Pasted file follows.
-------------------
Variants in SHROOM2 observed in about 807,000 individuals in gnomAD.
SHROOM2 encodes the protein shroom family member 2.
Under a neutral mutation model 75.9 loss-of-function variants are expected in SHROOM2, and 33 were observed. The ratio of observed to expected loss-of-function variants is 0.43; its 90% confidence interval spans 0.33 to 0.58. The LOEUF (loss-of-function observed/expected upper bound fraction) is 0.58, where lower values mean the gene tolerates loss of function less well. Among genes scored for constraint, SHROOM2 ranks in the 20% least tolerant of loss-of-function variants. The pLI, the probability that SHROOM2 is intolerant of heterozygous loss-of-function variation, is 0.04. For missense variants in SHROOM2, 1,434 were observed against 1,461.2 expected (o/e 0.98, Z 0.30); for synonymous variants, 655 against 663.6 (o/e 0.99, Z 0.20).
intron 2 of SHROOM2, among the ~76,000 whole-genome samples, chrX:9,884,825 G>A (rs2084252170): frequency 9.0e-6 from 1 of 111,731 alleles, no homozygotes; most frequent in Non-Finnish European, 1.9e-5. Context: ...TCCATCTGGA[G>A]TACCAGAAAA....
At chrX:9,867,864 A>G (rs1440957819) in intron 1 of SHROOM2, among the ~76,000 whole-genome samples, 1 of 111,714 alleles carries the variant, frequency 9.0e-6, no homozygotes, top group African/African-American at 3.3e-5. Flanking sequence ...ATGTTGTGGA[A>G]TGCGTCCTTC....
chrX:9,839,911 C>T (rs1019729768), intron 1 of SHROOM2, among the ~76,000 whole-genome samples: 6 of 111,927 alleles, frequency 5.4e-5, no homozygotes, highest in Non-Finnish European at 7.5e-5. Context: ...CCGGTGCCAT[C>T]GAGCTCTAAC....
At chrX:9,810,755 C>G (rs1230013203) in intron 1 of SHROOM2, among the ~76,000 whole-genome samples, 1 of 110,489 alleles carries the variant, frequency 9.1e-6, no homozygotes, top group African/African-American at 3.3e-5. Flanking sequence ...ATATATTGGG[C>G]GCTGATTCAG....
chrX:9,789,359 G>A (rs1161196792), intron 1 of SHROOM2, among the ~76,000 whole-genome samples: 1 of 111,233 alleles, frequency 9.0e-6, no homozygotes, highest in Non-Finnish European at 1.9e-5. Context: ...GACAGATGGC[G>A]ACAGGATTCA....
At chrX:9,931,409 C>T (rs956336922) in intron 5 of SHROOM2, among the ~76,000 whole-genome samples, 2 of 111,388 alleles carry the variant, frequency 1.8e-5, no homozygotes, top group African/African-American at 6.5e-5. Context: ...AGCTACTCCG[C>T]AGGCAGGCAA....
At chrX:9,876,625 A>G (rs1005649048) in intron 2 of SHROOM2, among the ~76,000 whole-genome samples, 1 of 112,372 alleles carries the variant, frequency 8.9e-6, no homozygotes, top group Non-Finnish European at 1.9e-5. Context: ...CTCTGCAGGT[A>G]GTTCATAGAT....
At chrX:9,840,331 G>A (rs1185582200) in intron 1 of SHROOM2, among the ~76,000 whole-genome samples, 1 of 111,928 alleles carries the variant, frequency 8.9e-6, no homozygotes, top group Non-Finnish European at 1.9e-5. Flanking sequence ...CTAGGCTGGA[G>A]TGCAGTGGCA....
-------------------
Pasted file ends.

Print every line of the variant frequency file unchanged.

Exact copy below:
Variants in SHROOM2 observed in about 807,000 individuals in gnomAD.
SHROOM2 encodes the protein shroom family member 2.
Under a neutral mutation model 75.9 loss-of-function variants are expected in SHROOM2, and 33 were observed. The ratio of observed to expected loss-of-function variants is 0.43; its 90% confidence interval spans 0.33 to 0.58. The LOEUF (loss-of-function observed/expected upper bound fraction) is 0.58, where lower values mean the gene tolerates loss of function less well. Among genes scored for constraint, SHROOM2 ranks in the 20% least tolerant of loss-of-function variants. The pLI, the probability that SHROOM2 is intolerant of heterozygous loss-of-function variation, is 0.04. For missense variants in SHROOM2, 1,434 were observed against 1,461.2 expected (o/e 0.98, Z 0.30); for synonymous variants, 655 against 663.6 (o/e 0.99, Z 0.20).
intron 2 of SHROOM2, among the ~76,000 whole-genome samples, chrX:9,884,825 G>A (rs2084252170): frequency 9.0e-6 from 1 of 111,731 alleles, no homozygotes; most frequent in Non-Finnish European, 1.9e-5. Context: ...TCCATCTGGA[G>A]TACCAGAAAA....
At chrX:9,867,864 A>G (rs1440957819) in intron 1 of SHROOM2, among the ~76,000 whole-genome samples, 1 of 111,714 alleles carries the variant, frequency 9.0e-6, no homozygotes, top group African/African-American at 3.3e-5. Flanking sequence ...ATGTTGTGGA[A>G]TGCGTCCTTC....
chrX:9,839,911 C>T (rs1019729768), intron 1 of SHROOM2, among the ~76,000 whole-genome samples: 6 of 111,927 alleles, frequency 5.4e-5, no homozygotes, highest in Non-Finnish European at 7.5e-5. Context: ...CCGGTGCCAT[C>T]GAGCTCTAAC....
At chrX:9,810,755 C>G (rs1230013203) in intron 1 of SHROOM2, among the ~76,000 whole-genome samples, 1 of 110,489 alleles carries the variant, frequency 9.1e-6, no homozygotes, top group African/African-American at 3.3e-5. Flanking sequence ...ATATATTGGG[C>G]GCTGATTCAG....
chrX:9,789,359 G>A (rs1161196792), intron 1 of SHROOM2, among the ~76,000 whole-genome samples: 1 of 111,233 alleles, frequency 9.0e-6, no homozygotes, highest in Non-Finnish European at 1.9e-5. Context: ...GACAGATGGC[G>A]ACAGGATTCA....
At chrX:9,931,409 C>T (rs956336922) in intron 5 of SHROOM2, among the ~76,000 whole-genome samples, 2 of 111,388 alleles carry the variant, frequency 1.8e-5, no homozygotes, top group African/African-American at 6.5e-5. Context: ...AGCTACTCCG[C>T]AGGCAGGCAA....
At chrX:9,876,625 A>G (rs1005649048) in intron 2 of SHROOM2, among the ~76,000 whole-genome samples, 1 of 112,372 alleles carries the variant, frequency 8.9e-6, no homozygotes, top group Non-Finnish European at 1.9e-5. Context: ...CTCTGCAGGT[A>G]GTTCATAGAT....
At chrX:9,840,331 G>A (rs1185582200) in intron 1 of SHROOM2, among the ~76,000 whole-genome samples, 1 of 111,928 alleles carries the variant, frequency 8.9e-6, no homozygotes, top group Non-Finnish European at 1.9e-5. Flanking sequence ...CTAGGCTGGA[G>A]TGCAGTGGCA....